David Palumbo (born 1982) is an American illustrator and fine artist. He is the son of science fiction scholar Donald Palumbo and illustrator Julie Bell, brother of artist Anthony Palumbo, and stepson of illustrator Boris Vallejo. He lives in Philadelphia. He studied painting at the Pennsylvania Academy of Fine Art in Philadelphia from 2000 to 2004. He was "informally mentored" by Bell and Vallejo and also studied with artist Burt Silverman. According to the science fiction scholar and critic Gary Westfahl, concluding a short biography late in 2012, "If he continues upon his upward path, Palumbo may be able to prove, unlike his stepbrother Dorian Vallejo, that it is not always a burden to have a famous parent."
As an illustrator, Palumbo works mainly in the fantasy and science fiction genres, where he has painted cover art and interior art for dozens of books and magazines as well as numerous illustrations for Magic: The Gathering. Palumbo has also been a regular contributor to Heavy Metal Magazine since 2008 as one of the creators involved in the Tarot feature. He has provided artwork for collectable card games, comic covers, album covers, film posters, magazine covers, advertisements, and film preproduction and his artwork has appeared in such publications as Spectrum, ImagineFX, and 2D Artist Magazine. Other clients include Marvel Comics, Tor.com, Lucasfilm, Night Shade Books, Pyr, and Road Runner Records. His client list also includes Acclaim Entertainment, Black Library, Riley Films, Science Fiction Book Club, Solaris Books, Upper Deck Entertainment, and Wizards of the Coast.
Nick Sheehy is an Australian-born artist and illustrator living in London. In his work, Nick explores the dreamlike, sometimes semi-autobiographical scenes and oddball characters that ECHO from his childhood imagination. Employing a laborious technique, building up layers of texture and thin colour, his work infuses precision and attention to detail with random abstraction and clumsiness. He enjoys drawing various weird things for himself, exhibitions, PUBLICATIONS and occasionally the odd client. Visit his SITE for more of his work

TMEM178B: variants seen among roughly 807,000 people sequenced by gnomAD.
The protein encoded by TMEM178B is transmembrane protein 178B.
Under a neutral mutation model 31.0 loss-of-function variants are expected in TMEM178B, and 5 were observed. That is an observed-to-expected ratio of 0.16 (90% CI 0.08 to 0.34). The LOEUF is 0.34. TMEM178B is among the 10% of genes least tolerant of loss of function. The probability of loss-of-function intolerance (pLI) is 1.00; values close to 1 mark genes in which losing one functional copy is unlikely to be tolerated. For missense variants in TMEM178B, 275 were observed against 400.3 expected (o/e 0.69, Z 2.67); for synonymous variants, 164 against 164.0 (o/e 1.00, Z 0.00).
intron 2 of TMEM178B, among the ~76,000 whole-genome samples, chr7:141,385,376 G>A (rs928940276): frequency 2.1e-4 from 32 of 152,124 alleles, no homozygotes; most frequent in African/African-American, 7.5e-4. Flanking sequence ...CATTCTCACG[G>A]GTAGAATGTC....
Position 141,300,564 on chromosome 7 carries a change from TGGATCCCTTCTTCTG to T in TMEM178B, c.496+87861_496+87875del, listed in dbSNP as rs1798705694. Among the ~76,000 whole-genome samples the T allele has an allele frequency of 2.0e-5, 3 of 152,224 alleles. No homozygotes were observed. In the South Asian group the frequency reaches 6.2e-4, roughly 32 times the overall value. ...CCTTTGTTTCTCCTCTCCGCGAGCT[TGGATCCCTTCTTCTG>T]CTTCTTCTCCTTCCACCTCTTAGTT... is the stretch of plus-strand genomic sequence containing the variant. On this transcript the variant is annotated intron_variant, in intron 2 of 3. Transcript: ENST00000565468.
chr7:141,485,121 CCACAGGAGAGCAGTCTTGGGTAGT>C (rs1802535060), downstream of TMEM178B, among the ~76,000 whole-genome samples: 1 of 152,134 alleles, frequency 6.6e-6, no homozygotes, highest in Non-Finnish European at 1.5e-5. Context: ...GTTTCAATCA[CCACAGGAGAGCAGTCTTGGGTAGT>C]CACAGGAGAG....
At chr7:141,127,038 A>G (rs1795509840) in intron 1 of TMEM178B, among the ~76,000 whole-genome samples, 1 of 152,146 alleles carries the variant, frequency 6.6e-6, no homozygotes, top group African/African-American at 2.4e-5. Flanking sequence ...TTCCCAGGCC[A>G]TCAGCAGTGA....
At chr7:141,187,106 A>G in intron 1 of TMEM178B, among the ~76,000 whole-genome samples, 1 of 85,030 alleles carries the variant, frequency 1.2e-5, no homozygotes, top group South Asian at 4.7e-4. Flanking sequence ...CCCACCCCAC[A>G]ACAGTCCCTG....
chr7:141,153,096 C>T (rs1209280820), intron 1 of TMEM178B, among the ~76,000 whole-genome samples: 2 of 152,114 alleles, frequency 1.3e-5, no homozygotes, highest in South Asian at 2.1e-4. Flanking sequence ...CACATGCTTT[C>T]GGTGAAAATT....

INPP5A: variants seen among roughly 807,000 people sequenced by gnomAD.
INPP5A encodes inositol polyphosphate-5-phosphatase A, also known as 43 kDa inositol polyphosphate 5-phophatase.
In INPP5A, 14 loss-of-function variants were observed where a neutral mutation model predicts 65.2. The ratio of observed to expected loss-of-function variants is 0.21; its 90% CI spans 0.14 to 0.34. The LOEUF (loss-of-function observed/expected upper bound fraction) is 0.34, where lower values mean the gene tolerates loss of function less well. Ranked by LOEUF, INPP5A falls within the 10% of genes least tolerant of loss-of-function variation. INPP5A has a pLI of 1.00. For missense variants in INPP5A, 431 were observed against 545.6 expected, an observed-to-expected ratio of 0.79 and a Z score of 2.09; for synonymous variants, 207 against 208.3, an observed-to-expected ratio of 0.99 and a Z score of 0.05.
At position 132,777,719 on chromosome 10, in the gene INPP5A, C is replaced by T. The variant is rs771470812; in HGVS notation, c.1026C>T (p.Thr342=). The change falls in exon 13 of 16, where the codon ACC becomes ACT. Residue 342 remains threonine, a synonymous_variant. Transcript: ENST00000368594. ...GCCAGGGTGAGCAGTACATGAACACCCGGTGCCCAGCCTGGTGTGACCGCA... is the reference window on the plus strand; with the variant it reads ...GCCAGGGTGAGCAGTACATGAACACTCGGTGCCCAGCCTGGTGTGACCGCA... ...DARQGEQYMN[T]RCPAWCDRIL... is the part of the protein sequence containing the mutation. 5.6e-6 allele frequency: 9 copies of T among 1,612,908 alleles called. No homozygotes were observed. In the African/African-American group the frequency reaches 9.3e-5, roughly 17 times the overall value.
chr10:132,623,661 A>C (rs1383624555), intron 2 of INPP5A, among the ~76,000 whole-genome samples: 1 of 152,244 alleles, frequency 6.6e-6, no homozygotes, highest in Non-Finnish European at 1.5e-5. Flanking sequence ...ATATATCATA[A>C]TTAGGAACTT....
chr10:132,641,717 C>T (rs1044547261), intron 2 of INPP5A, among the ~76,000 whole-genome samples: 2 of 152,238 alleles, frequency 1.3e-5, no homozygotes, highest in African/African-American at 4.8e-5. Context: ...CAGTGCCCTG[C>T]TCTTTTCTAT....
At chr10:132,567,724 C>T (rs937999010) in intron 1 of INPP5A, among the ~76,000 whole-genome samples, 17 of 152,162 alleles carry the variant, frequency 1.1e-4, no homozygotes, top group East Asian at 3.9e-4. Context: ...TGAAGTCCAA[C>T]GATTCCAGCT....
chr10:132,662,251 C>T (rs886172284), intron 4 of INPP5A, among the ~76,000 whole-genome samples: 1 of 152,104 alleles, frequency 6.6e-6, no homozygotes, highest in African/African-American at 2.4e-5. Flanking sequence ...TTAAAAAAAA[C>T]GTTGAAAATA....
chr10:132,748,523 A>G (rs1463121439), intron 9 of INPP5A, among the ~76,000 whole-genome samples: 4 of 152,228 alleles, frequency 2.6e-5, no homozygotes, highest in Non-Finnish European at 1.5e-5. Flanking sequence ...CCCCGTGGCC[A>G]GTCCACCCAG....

Sir Christopher Frank Carandini Lee (27 May 1922 – 7 June 2015) was a British actor, singer and author. Lee initially portrayed villains and became best known for his role as Count Dracula in a sequence of Hammer Horror films. His other film roles include Francisco Scaramanga in the James Bond film The Man with the Golden Gun (1974), his personal favourite, The Wicker Man (1973), in which he played Lord Summerisle, Saruman in The Lord of the Rings film trilogy (2001–2003) and The Hobbit film trilogy (2012–2014), and Count Dooku in the final two films of the Star Wars prequel trilogy (2002 and 2005).
Lee was knighted for services to drama and charity in 2009, received the BAFTA Fellowship in 2011 and received the BFI Fellowship in 2013. Lee considered his best performance to be that of Pakistan's founder Muhammad Ali Jinnah in the biopic Jinnah (1998), and his best film to be the British horror film The Wicker Man (1973).
Always noted as an actor for his deep strong voice, Lee was also known for his singing ability, recording various opera and musical pieces between 1986 and 1998 and the symphonic metal album Charlemagne: By the Sword and the Cross in 2010 after having worked with several metal bands since 2005. The heavy metal follow-up titled Charlemagne: The Omens of Death was released on 27 May 2013. He was honoured with the "Spirit of Metal" award in the 2010 Metal Hammer Golden God awards ceremony.
Αλλά πάντα από την αποστα- σιοποιημένη ματιά της τέχνης
Εργα τέχνης που απεικονίζουν σκοτεινές πλευρές της ιστορίας και του ανθρώπινου ψυχισμού, όπως ωμή βία, ρατσισμό, κακοποίηση και σφαγές άλλων -ΔΕΝ ΠΡΕΠΕΙ ΝΑ ΛΟΓΟΚΡΙΝΟΝΤΑΙ!! Πρέπει να αντιμετωπίζουμε πρόσωπο με πρόσωπο την ωμότητα και να πασχίζουμε να την κατανοήσουμε με κριτικό και αποστασιοποιημένο τρόπο, αν θέλουμε να φτιάξουμε έναν καλύτερο κόσμο.
Graphics that depict dark aspects of history—such as violence, intolerance, racism, aggressive nationalism, war and atrocity, abuse of others and of the environment in general—have not been censored. We must confront such harsh images directly—and struggle to critically understand them—if we hope to ever make a better world. ocw.mit.edu